Our expert says:
Firstly, a hobby horse of mine, as a major expert in that field. THERE IS NO SUCH THING AS POST-TRAUMATIC STRESS ( unless an ambulance-man drops the stretcher AFTER fetching you from the acciedent ) - what can arise after exposure to personal life-threatening stress, is PTSD, Post-Traumatic STress Disorder - a DISORDER that follows after ( post ) traumatic stress.
OK, a very nasty experience for you all, dealing with your child's serious illness.
When people compliment us on "how marvellous" we are in a crisis, they're usually actually expressing their relief that (a) its not their crisis, and (b) hoping they won't be asked to help.
And it is typical that when under severe stress, we "disociate", or partially disconnect our emotions so as to be better able to cope with the immediate essentials.
Pleased to hear she has been improving. I have friends BOTH of whose children had similar awful periods of infections and hospitalizations in their early months, and have since become strong and healthy.
Your child, fortunately is likey both to grow strong and well, and she will probably NOT be adversely affected psychologically by these experiences. For a variety of reasons, including that our nervous system's wiring takes longer to fully develop than people expect - we usually have no memories of events this young in life, and thus can have no lasting ill-effects from them in the way one might expect if something analogous happened later in life.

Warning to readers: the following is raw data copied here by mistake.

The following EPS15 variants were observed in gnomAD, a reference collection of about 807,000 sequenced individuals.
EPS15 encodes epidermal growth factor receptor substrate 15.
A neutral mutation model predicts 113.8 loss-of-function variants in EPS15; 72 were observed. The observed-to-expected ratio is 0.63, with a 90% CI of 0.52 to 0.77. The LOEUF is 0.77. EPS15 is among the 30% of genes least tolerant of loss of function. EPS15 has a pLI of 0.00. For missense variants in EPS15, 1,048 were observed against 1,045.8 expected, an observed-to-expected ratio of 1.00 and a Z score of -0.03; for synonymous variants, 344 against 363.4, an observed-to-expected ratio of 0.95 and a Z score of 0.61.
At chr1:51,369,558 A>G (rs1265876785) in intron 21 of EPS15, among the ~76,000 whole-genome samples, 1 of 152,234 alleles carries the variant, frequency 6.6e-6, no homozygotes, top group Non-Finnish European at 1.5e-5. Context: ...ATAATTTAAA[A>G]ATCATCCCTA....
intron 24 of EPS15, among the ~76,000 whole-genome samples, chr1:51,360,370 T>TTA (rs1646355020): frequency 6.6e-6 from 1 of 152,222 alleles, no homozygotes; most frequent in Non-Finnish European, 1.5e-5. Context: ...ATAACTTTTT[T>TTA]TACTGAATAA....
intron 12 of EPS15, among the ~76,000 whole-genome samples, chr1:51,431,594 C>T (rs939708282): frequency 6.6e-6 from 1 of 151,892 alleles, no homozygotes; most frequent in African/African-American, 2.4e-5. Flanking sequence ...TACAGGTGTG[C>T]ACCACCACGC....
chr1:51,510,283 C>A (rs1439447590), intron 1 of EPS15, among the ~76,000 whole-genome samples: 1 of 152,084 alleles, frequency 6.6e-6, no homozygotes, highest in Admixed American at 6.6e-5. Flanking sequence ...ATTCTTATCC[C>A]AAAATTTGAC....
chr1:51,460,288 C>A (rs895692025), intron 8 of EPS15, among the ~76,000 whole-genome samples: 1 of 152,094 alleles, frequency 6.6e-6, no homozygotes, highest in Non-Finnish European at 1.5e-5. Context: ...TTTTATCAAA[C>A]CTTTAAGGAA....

At such a young age, your child had no expectations of what moms or nurses did, and could not have formed any opinion about what happened.
I think now it is your own state of health, including mental health, which deserves proper attention. You should if possible see a good local psychiatrist for a full assessment, and a discussion of diagnosis and of treatment options. It sounds as though you may well ( and very understandably ) have developed a depression and/or anxiety, which would respond well to treatment.
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